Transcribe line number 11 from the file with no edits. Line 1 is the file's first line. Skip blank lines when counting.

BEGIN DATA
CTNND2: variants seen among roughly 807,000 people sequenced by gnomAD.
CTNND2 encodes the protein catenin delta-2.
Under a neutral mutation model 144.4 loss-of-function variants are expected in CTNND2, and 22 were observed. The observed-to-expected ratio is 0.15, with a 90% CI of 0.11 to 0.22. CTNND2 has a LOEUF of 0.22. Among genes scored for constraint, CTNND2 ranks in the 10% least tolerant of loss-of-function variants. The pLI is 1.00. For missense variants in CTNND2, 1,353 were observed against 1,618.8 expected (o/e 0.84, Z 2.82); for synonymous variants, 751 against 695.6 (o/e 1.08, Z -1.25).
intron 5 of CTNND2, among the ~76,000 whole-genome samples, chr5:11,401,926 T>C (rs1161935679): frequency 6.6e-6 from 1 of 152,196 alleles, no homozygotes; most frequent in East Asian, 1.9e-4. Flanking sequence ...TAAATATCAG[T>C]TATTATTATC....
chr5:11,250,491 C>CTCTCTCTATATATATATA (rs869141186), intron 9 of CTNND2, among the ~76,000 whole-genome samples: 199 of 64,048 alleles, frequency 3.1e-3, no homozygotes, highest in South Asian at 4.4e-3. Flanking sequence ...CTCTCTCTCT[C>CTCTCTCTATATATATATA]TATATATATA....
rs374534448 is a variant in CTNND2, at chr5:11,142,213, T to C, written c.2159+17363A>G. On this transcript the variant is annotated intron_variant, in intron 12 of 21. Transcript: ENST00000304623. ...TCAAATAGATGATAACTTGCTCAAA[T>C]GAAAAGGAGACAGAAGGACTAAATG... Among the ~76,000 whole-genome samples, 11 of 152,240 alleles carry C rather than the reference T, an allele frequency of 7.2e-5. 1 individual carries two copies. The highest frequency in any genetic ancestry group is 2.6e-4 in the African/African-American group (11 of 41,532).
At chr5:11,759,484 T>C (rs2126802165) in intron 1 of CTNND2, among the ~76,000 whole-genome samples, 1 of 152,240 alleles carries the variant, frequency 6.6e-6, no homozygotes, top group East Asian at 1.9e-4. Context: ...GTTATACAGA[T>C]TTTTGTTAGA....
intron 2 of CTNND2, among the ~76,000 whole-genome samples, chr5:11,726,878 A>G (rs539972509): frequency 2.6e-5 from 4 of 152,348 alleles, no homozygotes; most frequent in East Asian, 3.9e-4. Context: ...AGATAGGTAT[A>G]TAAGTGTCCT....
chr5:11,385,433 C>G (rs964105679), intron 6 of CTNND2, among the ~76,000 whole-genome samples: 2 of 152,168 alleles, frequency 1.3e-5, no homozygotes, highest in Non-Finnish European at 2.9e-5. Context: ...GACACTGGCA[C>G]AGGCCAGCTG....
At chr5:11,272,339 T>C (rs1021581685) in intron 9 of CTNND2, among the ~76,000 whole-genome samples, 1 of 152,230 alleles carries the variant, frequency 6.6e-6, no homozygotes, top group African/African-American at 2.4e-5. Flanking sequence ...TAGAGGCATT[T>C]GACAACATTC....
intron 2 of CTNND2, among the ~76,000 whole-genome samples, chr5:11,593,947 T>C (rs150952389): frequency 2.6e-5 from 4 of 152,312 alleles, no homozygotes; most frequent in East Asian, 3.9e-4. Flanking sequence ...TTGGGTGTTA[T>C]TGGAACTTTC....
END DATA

intron 2 of CTNND2, among the ~76,000 whole-genome samples, chr5:11,593,947 T>C (rs150952389): frequency 2.6e-5 from 4 of 152,312 alleles, no homozygotes; most frequent in East Asian, 3.9e-4. Flanking sequence ...TTGGGTGTTA[T>C]TGGAACTTTC....